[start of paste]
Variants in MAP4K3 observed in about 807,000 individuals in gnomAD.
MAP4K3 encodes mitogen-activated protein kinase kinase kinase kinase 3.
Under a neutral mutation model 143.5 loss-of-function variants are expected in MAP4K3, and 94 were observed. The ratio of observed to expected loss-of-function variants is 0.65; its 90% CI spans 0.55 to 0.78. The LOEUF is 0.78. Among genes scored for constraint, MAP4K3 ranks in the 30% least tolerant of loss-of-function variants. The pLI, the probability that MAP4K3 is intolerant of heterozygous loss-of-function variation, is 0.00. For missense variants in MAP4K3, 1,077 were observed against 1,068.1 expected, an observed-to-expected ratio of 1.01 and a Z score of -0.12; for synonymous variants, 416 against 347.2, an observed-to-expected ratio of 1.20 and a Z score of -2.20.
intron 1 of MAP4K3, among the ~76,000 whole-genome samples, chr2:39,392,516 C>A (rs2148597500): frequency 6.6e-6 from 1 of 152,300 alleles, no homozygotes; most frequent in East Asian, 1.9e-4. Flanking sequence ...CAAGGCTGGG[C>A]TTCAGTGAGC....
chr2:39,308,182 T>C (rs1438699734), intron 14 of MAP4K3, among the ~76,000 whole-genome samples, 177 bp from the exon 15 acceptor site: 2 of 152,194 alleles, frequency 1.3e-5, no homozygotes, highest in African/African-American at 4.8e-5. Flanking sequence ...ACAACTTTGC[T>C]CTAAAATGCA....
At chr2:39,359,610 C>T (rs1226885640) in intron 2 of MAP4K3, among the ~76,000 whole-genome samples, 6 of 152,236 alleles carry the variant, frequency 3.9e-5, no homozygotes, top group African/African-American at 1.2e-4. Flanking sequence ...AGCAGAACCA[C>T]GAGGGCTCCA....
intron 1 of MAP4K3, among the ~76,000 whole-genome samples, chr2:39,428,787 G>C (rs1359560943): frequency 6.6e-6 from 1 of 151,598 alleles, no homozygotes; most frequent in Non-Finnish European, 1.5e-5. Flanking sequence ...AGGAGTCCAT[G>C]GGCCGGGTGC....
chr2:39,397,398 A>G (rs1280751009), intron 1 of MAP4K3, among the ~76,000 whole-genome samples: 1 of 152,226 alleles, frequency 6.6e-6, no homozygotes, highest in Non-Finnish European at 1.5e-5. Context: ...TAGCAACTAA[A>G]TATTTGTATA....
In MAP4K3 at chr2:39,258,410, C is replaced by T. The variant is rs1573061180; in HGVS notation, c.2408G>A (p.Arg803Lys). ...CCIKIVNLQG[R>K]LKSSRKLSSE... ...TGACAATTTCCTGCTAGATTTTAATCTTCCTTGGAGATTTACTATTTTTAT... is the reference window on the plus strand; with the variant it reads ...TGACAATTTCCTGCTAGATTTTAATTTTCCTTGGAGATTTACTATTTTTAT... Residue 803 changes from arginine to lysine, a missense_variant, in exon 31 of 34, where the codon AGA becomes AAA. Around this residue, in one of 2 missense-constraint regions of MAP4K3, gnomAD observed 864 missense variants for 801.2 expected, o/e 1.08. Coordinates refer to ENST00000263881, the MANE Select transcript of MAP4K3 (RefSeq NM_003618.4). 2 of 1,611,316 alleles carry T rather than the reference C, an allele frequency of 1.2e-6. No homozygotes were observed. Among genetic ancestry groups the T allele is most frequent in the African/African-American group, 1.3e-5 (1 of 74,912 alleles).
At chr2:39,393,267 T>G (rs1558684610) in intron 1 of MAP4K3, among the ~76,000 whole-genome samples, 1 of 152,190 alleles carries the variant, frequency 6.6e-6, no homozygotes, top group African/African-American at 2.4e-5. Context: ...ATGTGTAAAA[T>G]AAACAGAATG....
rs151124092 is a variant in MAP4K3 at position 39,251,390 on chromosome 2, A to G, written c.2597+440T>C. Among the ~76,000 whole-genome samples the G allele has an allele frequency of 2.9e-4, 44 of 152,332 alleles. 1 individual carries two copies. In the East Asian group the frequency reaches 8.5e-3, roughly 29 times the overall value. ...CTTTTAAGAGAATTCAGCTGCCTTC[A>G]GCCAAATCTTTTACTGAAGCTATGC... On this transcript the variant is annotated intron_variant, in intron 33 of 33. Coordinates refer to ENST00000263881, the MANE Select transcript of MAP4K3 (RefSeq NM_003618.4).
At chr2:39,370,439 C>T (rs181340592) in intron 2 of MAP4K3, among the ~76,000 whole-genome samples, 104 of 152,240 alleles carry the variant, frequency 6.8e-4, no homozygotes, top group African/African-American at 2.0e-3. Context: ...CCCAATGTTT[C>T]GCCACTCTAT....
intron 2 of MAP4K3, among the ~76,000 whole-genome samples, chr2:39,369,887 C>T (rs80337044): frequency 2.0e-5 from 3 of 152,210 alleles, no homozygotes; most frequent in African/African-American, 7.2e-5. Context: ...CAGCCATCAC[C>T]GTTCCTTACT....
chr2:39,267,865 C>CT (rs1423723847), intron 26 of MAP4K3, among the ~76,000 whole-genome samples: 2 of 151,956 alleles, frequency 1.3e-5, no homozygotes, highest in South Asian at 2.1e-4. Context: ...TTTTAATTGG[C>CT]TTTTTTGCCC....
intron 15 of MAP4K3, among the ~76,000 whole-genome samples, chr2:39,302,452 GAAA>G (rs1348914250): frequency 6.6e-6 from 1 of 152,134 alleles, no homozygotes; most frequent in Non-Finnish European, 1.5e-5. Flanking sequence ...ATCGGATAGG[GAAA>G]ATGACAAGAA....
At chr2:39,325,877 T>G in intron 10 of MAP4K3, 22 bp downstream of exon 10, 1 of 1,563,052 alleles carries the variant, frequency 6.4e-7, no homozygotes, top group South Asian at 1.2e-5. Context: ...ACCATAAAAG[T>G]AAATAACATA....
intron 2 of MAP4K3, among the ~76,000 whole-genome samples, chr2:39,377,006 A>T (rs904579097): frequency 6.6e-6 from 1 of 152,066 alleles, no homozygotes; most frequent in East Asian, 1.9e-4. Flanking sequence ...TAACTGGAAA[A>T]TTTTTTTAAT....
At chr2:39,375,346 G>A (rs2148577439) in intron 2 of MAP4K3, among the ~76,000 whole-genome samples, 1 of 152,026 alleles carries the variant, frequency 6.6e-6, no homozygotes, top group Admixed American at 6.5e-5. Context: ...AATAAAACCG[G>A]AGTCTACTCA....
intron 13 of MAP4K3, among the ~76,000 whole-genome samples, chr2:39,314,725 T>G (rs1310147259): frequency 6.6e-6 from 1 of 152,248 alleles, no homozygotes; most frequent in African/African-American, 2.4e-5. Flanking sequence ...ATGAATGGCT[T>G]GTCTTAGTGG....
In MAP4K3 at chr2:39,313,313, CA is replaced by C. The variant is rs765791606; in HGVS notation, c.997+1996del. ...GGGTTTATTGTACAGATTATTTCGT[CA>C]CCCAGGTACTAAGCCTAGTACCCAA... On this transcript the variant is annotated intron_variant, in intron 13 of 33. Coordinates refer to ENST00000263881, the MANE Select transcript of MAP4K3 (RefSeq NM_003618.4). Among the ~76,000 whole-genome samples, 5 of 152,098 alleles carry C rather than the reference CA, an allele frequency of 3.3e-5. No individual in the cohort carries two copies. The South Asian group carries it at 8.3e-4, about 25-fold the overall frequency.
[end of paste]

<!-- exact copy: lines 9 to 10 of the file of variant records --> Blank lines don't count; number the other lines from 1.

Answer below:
In MAP4K3 at chr2:39,258,410, C is replaced by T. The variant is rs1573061180; in HGVS notation, c.2408G>A (p.Arg803Lys). ...CCIKIVNLQG[R>K]LKSSRKLSSE... ...TGACAATTTCCTGCTAGATTTTAATCTTCCTTGGAGATTTACTATTTTTAT... is the reference window on the plus strand; with the variant it reads ...TGACAATTTCCTGCTAGATTTTAATTTTCCTTGGAGATTTACTATTTTTAT... Residue 803 changes from arginine to lysine, a missense_variant, in exon 31 of 34, where the codon AGA becomes AAA. Around this residue, in one of 2 missense-constraint regions of MAP4K3, gnomAD observed 864 missense variants for 801.2 expected, o/e 1.08. Coordinates refer to ENST00000263881, the MANE Select transcript of MAP4K3 (RefSeq NM_003618.4). 2 of 1,611,316 alleles carry T rather than the reference C, an allele frequency of 1.2e-6. No homozygotes were observed. Among genetic ancestry groups the T allele is most frequent in the African/African-American group, 1.3e-5 (1 of 74,912 alleles).
At chr2:39,393,267 T>G (rs1558684610) in intron 1 of MAP4K3, among the ~76,000 whole-genome samples, 1 of 152,190 alleles carries the variant, frequency 6.6e-6, no homozygotes, top group African/African-American at 2.4e-5. Context: ...ATGTGTAAAA[T>G]AAACAGAATG....